The findings of Family Part judges are "binding on appeal when supported by adequate, substantial, credible evidence." Cesare v. Cesare, 154 N.J. 394, 411-13 (1998). "Because of the family courts' special jurisdiction and expertise in family matters, appellate courts should accord deference to family court factfinding." Id. at 413. In this case, Judge Bartlett considered the current CIS of each party and their son, as well as the supporting documents submitted. See Zazzo v. Zazzo, 245 N.J. Super. 124, 128-29 (App. Div. 1990), certif. denied, 126 N.J. 321 (1991); R. 5:5-2. She made precise findings as to the boy's anticipated college-year expenses and income and the parties' income and assets. We find no abuse of discretion in the court's reliance on the evidence that was submitted, and that evidence provided substantial support for the judge's findings and conclusions.

Defendant argues that the court erroneously failed to grant his cross-motion and to order child support for the parties' daughter. However, Judge Bartlett explained that Martin had not provided the financial information necessary to determine the daughter's income and expenses, as Hyman had for their son, and the judge denied the cross-motion without prejudice to it being re-filed with appropriate supporting evidence.

Defendant challenges the court's award of $7,500 in attorney's fees to Hyman, alleging that it was improperly intended to punish him for failing to reach agreement on the financial issues. "[T]he award of counsel fees and costs in a matrimonial action rests in the discretion of the trial court." Guglielmo v. Guglielmo, 253 N.J. Super. 531, 544-45 (App. Div. 1992); see also Gotlib v. Gotlib, 399 N.J. Super. 295, 314-15 (App. Div. 2008) (application of R. 5:3-5(c) and decision to award counsel fees rests within the court's sound discretion); Eaton v. Grau, 368 N.J. Super. 215, 225 (App. Div. 2004) (allowance for attorney's fees and costs remains discretionary).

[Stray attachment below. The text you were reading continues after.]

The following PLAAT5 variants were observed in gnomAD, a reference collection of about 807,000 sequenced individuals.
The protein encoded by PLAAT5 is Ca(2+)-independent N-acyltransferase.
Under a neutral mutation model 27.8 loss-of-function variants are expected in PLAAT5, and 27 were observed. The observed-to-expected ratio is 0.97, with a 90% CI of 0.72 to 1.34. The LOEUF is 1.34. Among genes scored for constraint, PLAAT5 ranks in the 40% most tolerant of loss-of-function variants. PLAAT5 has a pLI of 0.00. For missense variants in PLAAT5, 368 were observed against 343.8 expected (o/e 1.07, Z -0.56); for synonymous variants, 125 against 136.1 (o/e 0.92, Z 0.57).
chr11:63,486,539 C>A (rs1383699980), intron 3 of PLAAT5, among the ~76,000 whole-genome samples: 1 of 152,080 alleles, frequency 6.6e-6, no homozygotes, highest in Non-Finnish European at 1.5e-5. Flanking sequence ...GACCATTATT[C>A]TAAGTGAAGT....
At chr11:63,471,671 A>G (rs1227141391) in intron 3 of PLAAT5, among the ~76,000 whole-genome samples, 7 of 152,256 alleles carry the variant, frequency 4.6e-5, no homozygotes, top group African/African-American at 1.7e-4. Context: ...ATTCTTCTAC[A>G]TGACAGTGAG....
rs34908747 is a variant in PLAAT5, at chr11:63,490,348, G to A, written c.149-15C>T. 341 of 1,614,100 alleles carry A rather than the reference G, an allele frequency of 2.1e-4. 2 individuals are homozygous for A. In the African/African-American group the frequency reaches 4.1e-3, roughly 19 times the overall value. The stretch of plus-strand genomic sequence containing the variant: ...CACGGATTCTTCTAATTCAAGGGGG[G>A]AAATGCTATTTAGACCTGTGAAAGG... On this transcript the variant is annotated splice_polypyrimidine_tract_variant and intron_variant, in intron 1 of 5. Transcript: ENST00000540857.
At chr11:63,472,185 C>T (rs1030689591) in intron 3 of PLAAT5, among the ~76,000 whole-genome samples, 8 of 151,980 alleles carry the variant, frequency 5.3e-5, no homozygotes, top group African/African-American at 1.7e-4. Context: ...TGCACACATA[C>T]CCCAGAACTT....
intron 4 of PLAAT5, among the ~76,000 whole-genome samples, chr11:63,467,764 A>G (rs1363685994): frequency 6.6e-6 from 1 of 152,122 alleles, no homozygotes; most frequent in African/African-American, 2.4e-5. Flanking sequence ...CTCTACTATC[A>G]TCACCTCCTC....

Here, Judge Bartlett initially denied attorney's fees to Hyman at the time of the first motion, but she expressly stated she would consider awarding it for that motion as well as any renewed motion that may become necessary. At the time of the second motion, the judge made specific findings, based on email evidence and the nature of Martin's submissions to the court, that he had displayed a "stubborn unwillingness to negotiate in good faith." She concluded that Martin was unresponsive to Hyman's overtures to arrange a meeting and disregarded her requests that she negotiate directly with him instead of through her attorney so that she might not be put to the expense of paying her attorney. The only logical explanation the judge could discern in Martin's refusal to negotiate directly with Hyman was that he was "running up her attorney's fees to harass her." The judge also found that Martin had not followed "the court's prior directive with respect to the submission of pertinent financial data." These findings, together with the financial information established on the record showing Martin's ability to pay Hyman's attorney's fees, supported the court's determination that a portion of those fees for the two motions should be borne by Martin. We find no abuse of discretion in the court's ruling.

In sum, we affirm the court's decisions challenged on appeal for the reasons stated in Judge Bartlett's detailed written and oral decisions.